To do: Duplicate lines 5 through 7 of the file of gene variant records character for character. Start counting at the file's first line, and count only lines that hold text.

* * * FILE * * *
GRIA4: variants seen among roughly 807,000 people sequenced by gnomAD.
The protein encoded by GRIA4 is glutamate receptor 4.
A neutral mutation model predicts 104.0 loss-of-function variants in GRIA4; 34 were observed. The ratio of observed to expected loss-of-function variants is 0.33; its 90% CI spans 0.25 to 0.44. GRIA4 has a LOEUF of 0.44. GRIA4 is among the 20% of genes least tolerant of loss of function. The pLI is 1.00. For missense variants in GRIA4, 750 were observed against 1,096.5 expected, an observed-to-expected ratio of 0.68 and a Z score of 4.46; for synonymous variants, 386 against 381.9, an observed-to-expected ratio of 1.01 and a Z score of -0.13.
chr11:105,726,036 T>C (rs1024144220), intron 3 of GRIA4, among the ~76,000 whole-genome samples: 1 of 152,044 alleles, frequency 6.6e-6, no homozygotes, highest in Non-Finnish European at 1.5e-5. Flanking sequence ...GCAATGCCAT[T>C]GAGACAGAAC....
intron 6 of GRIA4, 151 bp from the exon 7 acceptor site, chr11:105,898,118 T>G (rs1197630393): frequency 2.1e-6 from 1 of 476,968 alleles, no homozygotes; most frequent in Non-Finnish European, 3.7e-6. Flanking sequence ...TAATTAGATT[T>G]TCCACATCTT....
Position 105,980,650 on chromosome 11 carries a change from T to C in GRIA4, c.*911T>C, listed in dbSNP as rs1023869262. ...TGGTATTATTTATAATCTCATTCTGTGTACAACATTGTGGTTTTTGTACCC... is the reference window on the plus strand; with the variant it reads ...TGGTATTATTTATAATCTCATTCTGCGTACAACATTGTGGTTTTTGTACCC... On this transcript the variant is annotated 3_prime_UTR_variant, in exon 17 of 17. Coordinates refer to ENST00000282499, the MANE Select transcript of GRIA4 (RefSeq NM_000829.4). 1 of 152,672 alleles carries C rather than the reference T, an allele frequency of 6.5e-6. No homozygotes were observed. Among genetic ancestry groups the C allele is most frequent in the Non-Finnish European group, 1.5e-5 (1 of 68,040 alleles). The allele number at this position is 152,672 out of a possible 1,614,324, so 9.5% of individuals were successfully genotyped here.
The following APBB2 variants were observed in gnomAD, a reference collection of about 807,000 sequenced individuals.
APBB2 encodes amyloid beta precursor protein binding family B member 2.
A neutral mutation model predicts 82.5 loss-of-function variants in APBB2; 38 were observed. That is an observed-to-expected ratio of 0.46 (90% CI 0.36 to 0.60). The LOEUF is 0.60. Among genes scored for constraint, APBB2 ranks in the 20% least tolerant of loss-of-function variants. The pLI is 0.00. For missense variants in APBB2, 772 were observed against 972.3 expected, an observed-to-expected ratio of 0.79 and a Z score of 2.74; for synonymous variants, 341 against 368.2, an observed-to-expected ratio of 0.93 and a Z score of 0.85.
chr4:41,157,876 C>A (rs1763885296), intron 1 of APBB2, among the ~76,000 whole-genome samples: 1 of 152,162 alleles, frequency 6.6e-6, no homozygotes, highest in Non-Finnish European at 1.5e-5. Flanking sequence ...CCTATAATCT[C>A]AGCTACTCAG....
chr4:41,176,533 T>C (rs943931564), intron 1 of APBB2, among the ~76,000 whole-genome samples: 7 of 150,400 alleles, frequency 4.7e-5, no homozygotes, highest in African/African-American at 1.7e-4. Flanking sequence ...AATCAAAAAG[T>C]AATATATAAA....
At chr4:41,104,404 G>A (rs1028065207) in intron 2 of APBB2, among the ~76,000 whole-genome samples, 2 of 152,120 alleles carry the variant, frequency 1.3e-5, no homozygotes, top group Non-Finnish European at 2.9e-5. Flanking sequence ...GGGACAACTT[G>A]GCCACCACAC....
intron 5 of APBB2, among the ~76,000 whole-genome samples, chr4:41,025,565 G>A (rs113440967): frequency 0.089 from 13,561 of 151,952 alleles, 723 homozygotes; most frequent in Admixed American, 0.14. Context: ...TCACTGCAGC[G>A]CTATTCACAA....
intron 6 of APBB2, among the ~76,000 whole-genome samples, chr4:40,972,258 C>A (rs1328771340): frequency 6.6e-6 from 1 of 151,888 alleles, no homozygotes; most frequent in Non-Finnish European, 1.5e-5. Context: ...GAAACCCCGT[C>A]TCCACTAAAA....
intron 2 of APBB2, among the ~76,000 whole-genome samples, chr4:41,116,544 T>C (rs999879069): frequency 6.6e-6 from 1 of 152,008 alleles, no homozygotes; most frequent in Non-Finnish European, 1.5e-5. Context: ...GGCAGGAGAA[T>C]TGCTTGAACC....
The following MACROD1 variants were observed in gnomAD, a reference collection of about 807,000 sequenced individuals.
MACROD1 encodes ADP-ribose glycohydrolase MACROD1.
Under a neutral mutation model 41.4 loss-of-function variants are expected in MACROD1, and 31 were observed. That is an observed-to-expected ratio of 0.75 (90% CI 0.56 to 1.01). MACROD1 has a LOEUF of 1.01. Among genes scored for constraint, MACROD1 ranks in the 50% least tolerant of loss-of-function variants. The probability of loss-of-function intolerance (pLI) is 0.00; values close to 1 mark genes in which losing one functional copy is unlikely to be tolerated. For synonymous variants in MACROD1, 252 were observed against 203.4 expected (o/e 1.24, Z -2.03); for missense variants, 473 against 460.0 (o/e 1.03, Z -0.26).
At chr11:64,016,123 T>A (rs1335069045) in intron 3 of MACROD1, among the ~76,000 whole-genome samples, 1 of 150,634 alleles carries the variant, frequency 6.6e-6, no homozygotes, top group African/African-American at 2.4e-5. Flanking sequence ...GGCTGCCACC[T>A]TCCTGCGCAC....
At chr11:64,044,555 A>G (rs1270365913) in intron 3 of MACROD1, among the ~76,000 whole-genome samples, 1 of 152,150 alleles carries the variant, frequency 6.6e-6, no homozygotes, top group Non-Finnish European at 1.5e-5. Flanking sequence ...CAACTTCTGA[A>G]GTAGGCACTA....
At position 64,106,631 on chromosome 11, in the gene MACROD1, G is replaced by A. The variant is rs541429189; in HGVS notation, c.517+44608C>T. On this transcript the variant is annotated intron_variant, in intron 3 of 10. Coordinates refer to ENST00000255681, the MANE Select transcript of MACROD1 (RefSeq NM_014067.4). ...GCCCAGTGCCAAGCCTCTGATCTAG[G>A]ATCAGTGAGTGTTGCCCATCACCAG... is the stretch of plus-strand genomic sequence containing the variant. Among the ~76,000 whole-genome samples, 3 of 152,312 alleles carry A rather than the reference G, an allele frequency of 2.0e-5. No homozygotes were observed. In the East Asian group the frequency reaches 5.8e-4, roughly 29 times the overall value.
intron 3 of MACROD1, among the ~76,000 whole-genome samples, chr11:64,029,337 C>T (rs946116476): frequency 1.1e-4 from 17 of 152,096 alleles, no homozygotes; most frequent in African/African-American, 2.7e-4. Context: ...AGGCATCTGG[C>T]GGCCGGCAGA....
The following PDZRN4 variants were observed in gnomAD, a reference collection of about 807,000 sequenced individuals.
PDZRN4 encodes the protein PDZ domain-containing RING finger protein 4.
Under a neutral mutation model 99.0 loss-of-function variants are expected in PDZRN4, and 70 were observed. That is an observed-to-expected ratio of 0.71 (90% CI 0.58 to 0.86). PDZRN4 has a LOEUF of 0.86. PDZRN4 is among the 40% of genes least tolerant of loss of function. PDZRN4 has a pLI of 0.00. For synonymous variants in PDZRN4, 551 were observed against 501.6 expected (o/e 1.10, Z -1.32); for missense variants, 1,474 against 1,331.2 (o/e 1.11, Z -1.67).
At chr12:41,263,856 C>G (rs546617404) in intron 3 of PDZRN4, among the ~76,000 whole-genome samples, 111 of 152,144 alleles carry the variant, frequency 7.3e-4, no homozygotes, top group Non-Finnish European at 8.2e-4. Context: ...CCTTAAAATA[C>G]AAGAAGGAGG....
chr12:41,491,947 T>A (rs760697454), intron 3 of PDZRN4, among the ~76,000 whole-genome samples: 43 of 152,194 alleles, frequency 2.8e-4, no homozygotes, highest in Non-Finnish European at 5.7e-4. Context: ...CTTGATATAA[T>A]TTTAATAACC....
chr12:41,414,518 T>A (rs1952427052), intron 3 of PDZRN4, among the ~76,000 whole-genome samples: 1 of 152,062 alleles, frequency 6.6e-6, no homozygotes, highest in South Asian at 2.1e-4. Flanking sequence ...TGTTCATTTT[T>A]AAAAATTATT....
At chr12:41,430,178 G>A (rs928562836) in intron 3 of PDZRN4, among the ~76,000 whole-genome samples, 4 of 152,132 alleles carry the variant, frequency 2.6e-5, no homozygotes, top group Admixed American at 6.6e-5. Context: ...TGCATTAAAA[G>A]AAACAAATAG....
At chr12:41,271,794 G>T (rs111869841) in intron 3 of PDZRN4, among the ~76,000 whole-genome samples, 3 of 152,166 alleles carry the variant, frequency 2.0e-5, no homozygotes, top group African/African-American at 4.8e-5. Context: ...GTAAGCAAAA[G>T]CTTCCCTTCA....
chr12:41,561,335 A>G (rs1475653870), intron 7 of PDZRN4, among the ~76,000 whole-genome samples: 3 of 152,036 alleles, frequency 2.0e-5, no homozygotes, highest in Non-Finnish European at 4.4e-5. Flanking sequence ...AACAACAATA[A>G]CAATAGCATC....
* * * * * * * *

intron 6 of GRIA4, 151 bp from the exon 7 acceptor site, chr11:105,898,118 T>G (rs1197630393): frequency 2.1e-6 from 1 of 476,968 alleles, no homozygotes; most frequent in Non-Finnish European, 3.7e-6. Flanking sequence ...TAATTAGATT[T>G]TCCACATCTT....
Position 105,980,650 on chromosome 11 carries a change from T to C in GRIA4, c.*911T>C, listed in dbSNP as rs1023869262. ...TGGTATTATTTATAATCTCATTCTGTGTACAACATTGTGGTTTTTGTACCC... is the reference window on the plus strand; with the variant it reads ...TGGTATTATTTATAATCTCATTCTGCGTACAACATTGTGGTTTTTGTACCC... On this transcript the variant is annotated 3_prime_UTR_variant, in exon 17 of 17. Coordinates refer to ENST00000282499, the MANE Select transcript of GRIA4 (RefSeq NM_000829.4). 1 of 152,672 alleles carries C rather than the reference T, an allele frequency of 6.5e-6. No homozygotes were observed. Among genetic ancestry groups the C allele is most frequent in the Non-Finnish European group, 1.5e-5 (1 of 68,040 alleles). The allele number at this position is 152,672 out of a possible 1,614,324, so 9.5% of individuals were successfully genotyped here.
The following APBB2 variants were observed in gnomAD, a reference collection of about 807,000 sequenced individuals.